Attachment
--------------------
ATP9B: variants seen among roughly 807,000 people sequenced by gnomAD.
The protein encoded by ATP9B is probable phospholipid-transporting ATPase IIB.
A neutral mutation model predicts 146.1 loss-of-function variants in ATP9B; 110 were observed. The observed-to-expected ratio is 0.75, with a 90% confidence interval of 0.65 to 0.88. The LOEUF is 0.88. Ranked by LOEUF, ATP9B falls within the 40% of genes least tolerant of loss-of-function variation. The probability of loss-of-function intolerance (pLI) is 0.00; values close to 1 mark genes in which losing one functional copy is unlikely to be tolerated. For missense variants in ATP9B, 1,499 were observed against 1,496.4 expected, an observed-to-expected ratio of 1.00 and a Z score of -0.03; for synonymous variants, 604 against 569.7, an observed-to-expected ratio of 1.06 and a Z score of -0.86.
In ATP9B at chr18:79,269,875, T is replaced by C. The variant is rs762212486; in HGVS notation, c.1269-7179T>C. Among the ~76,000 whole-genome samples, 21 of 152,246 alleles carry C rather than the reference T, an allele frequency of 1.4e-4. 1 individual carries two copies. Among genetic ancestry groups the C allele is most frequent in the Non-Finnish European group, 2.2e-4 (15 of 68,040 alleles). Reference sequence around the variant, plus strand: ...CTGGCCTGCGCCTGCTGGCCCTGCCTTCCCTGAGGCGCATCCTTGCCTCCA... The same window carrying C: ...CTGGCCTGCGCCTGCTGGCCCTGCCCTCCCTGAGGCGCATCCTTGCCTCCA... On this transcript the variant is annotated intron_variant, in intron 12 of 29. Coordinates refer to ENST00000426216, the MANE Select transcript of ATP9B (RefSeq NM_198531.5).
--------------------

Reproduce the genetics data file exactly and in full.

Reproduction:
ATP9B: variants seen among roughly 807,000 people sequenced by gnomAD.
The protein encoded by ATP9B is probable phospholipid-transporting ATPase IIB.
A neutral mutation model predicts 146.1 loss-of-function variants in ATP9B; 110 were observed. The observed-to-expected ratio is 0.75, with a 90% confidence interval of 0.65 to 0.88. The LOEUF is 0.88. Ranked by LOEUF, ATP9B falls within the 40% of genes least tolerant of loss-of-function variation. The probability of loss-of-function intolerance (pLI) is 0.00; values close to 1 mark genes in which losing one functional copy is unlikely to be tolerated. For missense variants in ATP9B, 1,499 were observed against 1,496.4 expected, an observed-to-expected ratio of 1.00 and a Z score of -0.03; for synonymous variants, 604 against 569.7, an observed-to-expected ratio of 1.06 and a Z score of -0.86.
In ATP9B at chr18:79,269,875, T is replaced by C. The variant is rs762212486; in HGVS notation, c.1269-7179T>C. Among the ~76,000 whole-genome samples, 21 of 152,246 alleles carry C rather than the reference T, an allele frequency of 1.4e-4. 1 individual carries two copies. Among genetic ancestry groups the C allele is most frequent in the Non-Finnish European group, 2.2e-4 (15 of 68,040 alleles). Reference sequence around the variant, plus strand: ...CTGGCCTGCGCCTGCTGGCCCTGCCTTCCCTGAGGCGCATCCTTGCCTCCA... The same window carrying C: ...CTGGCCTGCGCCTGCTGGCCCTGCCCTCCCTGAGGCGCATCCTTGCCTCCA... On this transcript the variant is annotated intron_variant, in intron 12 of 29. Coordinates refer to ENST00000426216, the MANE Select transcript of ATP9B (RefSeq NM_198531.5).